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July 21, 2008

Filed under: random»linky

Link and You'll Miss It

So fast, we had to add extra anchor tags.

  • Farhad Manjoo's second look at the 'long tail' theory is a much-needed dose of skepticism about Chris Anderson's over-hyped economic theory. Indeed, it's a lot like the "1,000 true fans" that Kevin Kelly hyped up a while back--sounds very cool, but ignores the realities of both the marketplace and any externalities that crop up. I've never been terribly impressed with Manjoo's writing for Salon, but if he can write pieces as good as this on a regular basis for Slate, it'll be a good reason to stop in.
  • Years after they were thought lost, tapes of Dr. Who theme arranger and synth pioneer Delia Derbyshire have been found. The "dance" track is surprisingly forward-looking--or, perhaps, computer- and sequence-based music inclines its creators to certain paths, and Derbyshire simply discovered them long before Aphex Twin started twiddling knobs.
  • This is, in part, why walled garden models are unworkable for consumers. It may seem nice to have applications collected in a single place instead of scattered around the Net, as is true for Symbian and Windows Mobile. But if it's not run well, what you end up with is all the worst parts of the software marketplace combined with the worst parts of a (possibly abusive) bureaucracy. What I've heard about the iPhone app store so far (a few quality programs surrounded by loads of shovelware and barely-adapted web apps) has done little to alter this perception.
  • In response to the ruling against the DC gun ban, the Washington Post featured an article last week in its style section penned by Dr. Guns.
    [The gun] should be part of something larger: locks, lights, cellphones, safety rooms, whatever. It's not the only resort, it's only the last resort. But because that awful day can come, for God's sake, shoot it! Understand its textures, its traits, its problems, its issues. Teach it to your hands so that, in the dark with a boatload of adrenaline in your blood, it will feel like an old piece of soap and not a prickly, sharp-edged conundrum wrapped inside a riddle. You don't want to be thinking: What do I do next? You want the gun to be second nature, its mechanics a confidence-building given. If you're worried about the gun, you will not dominate the upcoming transaction.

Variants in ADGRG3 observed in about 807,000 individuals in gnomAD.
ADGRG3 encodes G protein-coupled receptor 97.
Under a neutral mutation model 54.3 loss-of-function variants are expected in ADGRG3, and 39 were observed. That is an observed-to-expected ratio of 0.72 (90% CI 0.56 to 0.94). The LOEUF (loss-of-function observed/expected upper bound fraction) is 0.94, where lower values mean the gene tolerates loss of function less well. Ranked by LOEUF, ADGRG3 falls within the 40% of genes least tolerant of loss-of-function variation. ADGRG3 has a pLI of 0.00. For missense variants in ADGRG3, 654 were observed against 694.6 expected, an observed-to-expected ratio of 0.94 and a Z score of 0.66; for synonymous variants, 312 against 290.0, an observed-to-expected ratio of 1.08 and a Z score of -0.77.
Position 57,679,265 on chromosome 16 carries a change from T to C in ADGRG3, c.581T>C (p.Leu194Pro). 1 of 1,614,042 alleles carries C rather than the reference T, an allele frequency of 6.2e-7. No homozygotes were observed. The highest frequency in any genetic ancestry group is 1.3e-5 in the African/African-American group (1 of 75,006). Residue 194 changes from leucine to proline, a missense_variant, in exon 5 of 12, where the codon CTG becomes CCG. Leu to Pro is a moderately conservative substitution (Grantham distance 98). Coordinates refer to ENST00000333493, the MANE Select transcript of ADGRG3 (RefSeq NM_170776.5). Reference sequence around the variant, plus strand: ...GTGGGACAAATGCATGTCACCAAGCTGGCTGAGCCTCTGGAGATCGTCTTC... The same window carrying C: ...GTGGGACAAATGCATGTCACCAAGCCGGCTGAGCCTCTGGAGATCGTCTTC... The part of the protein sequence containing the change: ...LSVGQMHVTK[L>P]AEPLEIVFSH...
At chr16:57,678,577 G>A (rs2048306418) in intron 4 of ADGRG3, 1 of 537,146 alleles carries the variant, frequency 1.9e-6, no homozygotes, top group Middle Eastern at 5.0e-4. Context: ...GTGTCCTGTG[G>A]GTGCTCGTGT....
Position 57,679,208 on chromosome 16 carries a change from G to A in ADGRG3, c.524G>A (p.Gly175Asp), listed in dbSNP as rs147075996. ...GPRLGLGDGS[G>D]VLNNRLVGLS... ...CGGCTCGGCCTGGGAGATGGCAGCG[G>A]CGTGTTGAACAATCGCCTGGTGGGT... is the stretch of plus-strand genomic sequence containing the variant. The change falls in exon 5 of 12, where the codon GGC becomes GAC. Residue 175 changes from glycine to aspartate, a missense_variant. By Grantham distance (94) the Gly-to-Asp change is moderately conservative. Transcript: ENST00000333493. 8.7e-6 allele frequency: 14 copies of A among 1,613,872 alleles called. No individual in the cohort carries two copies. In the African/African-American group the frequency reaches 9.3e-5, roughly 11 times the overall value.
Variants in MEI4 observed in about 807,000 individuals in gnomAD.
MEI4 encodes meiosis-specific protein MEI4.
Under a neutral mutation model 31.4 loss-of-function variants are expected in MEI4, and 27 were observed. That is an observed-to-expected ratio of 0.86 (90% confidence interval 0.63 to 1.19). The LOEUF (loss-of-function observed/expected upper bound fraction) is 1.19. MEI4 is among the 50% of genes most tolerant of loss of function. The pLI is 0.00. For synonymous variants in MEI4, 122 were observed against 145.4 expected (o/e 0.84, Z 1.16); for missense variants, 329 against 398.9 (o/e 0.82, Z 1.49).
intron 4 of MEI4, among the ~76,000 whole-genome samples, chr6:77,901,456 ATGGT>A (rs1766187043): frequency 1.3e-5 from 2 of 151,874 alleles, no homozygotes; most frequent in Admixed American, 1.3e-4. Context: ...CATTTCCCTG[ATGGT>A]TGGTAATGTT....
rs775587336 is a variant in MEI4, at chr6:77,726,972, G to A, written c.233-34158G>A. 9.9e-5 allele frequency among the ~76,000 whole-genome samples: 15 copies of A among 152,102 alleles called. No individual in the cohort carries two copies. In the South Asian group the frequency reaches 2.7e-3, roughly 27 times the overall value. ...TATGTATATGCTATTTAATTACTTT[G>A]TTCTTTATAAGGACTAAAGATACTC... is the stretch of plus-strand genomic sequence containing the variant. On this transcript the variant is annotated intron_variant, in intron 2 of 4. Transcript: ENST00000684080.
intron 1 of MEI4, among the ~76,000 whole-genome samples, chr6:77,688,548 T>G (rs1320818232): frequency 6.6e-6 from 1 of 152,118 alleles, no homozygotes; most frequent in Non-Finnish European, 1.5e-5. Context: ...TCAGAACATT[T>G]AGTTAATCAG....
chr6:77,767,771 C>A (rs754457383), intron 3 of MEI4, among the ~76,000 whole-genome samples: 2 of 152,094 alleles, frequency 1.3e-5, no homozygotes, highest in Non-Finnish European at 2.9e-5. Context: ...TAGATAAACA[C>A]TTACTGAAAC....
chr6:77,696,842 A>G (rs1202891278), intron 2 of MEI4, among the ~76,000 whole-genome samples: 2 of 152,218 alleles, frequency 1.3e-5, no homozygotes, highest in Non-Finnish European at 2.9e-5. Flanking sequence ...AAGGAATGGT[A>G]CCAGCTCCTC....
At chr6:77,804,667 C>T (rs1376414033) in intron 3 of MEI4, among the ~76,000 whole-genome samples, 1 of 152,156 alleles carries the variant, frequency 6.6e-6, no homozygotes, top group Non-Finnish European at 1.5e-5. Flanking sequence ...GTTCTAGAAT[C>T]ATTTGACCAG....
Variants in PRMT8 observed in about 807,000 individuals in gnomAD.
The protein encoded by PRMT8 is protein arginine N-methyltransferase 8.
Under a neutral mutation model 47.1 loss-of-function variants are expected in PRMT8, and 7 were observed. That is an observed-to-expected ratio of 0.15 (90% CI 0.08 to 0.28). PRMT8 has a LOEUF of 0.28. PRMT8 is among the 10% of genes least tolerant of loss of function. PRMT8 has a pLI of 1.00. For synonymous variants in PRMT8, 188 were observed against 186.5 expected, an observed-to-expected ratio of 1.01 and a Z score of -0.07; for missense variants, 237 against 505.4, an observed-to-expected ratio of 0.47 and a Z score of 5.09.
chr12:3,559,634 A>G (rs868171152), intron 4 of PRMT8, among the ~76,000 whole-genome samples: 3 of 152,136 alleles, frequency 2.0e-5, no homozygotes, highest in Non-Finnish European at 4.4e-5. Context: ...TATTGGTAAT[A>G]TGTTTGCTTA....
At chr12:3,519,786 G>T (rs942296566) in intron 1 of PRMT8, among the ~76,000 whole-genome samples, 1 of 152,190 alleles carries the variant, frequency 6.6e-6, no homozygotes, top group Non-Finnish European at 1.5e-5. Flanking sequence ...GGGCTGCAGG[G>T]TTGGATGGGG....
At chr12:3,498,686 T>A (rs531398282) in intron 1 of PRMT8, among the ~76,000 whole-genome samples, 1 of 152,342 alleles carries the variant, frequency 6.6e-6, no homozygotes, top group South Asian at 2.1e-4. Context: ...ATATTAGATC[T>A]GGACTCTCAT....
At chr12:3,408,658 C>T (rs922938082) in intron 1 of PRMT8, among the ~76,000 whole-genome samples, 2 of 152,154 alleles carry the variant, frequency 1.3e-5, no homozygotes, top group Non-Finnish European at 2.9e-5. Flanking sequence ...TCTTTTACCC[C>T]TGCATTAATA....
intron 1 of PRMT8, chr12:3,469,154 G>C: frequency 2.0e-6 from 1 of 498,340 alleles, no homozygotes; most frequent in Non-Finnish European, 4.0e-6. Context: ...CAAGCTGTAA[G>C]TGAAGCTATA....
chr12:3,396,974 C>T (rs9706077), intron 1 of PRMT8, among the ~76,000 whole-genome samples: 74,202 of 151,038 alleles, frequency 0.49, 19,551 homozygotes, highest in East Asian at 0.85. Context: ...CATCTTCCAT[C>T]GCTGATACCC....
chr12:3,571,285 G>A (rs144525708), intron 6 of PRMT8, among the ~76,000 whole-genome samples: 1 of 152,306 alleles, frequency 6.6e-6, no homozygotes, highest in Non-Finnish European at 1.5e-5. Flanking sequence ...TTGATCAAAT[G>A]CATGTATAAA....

Seriously, I know I betray exactly the kind of unease he's talking about, but Dr. Guns freaks me out a little. And I don't think the answer for me is to go shoot something.
  • I was honestly a little upset by the news that the XBox was getting a new Portal title. Thanks to Bioshock my console FPS skills have gotten better, but my endless refrain is still that aiming with a thumbstick is like painting with a live chicken--painful, and it annoys the chicken. Luckily, it's just a rehash of stuff that we've already seen on the PC.
  • Inside Nairobi, the Next Palo Alto? - Very cool.
  • Here's a neat interview with game composer Tommy Tallarico by the Onion's AV Club. He's very gung-ho about using orchestral recordings to create interactive music. I'm personally more intrigued by the ideas of building synthesis into software for dynamic audio, the way that we can now do graphics dynamically.

Future - Present - Past